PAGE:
“When an apology needs to be given, it becomes my topmost agenda. The apology must be given as soon as possible and as clearly as I can. Replacing fear, which triggered the mistake, with confidence and faith is critical. Learning how to say sorry properly has made me a queen. Yes, the queen of the apology.
Recently, I won a bid to do some work for a long time client that I highly respect. I have worked for this organization in various capacities on and off for thirteen years. I have built my professional brand largely for being linked to this organization.
I was given a work timetable that was also sent to the project’s partners before I had signed the contract. Without a contract, no agreement exists and no plans should have been made. The official responsible then promptly went on leave assuming that the work had taken off. A hot whirlwind of indignation activated in me.
The official’s mistake was no big deal. My getting irritated was the problem. If you have been reading this book carefully, you know that this is when I should have taken a pause [this article is an excerpt from my book!..see endnote]. Irritation is saying No to reality. I could simply have said, YES she made a mistake but it does not mean a thing. I would have calmly clarified matters and moved on to other things until the contract was signed. Instead, I locked into the annoyance and set a costly misadventure into motion.
I sent several frustrated messages to her colleague explaining that dates of the contract could not be backdated. I had to ask a key project partner not to book meetings for me as I did not yet have a contract. ‘What a mess!’ I steamed.
The official returned on the day that I had my first post contract meeting with the in-house team. She had seen the agitated emails where I had said that I could not start to work without a contract. In these emails, I had carelessly stated that she should not have sent prior communication to partners.
The official walked into the meeting visibly angry. I received the coldest handshake. Our relationship that had started out on a high had now taken a sharp dive. I still had a chance to pull back, pause and manage the meeting without further negativity. Again I failed to take the chance. My ego continued with its rampage. I put her down over another decision that I thought was also a mistake. She cowered. The damage was done.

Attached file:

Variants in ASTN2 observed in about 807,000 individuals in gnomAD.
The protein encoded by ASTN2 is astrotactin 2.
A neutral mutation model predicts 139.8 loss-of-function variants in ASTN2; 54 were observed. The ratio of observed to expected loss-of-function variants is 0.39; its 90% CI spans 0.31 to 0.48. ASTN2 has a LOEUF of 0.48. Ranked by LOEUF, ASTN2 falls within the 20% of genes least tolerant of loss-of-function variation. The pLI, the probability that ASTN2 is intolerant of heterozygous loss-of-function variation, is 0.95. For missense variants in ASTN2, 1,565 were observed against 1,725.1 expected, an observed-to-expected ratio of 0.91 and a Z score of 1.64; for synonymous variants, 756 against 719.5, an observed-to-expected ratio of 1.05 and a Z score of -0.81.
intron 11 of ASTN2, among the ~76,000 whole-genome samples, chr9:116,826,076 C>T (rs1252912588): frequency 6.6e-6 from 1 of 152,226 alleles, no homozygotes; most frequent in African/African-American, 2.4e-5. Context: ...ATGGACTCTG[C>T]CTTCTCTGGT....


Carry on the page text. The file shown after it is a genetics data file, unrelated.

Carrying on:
The next few weeks, of what was a straightforward job, became a rocky steep climb. I might as well have been working for myself. I received no support. Actually, I now had an opponent who was also responsible for approving my work.
It was only then that I finally stopped to find myself.
I remembered that being peaceful, promoting peace and showing love is the reason I live. If I failed in this, that is my life purpose, it did not matter what became of the work. This irritation that I didn’t nip in the bud was leading me to ‘death’. Death for me is living out of purpose – tolerating internal disturbance, causing conflict and putting others down. My only acceptable choice is life.
Yes, she could have done things differently, but it did not mean a thing. A botched assignment could not change my great destiny. It would all be well. And with that change of mind, I regained my psychological footing.
Of course, the official did not know that I had spiritually recovered. She remained on the war path that I had curved out. In a terse email, she trashed tens of pages of the draft report with sweeping negative statements. Now the assignment was at stake. I had to confidentially request her manager to intervene so that the job did not collapse. In the meantime, no matter what happened, I knew I had to say sorry.
When I next called her, I started with the apology. I took full responsibility for the turn of events. “I want to apologize”, I said. “I am sorry for talking to you in an irritated manner at the meeting. Speaking to you like that set the relationship off in a negative direction. This has made our collaboration a lot more difficult and I am sorry”.
She was stunned. She was not expecting an apology…”
This is an excerpt from my book ‘Journey Home: Finding Peace and Love’. It will be on Amazon in a few days.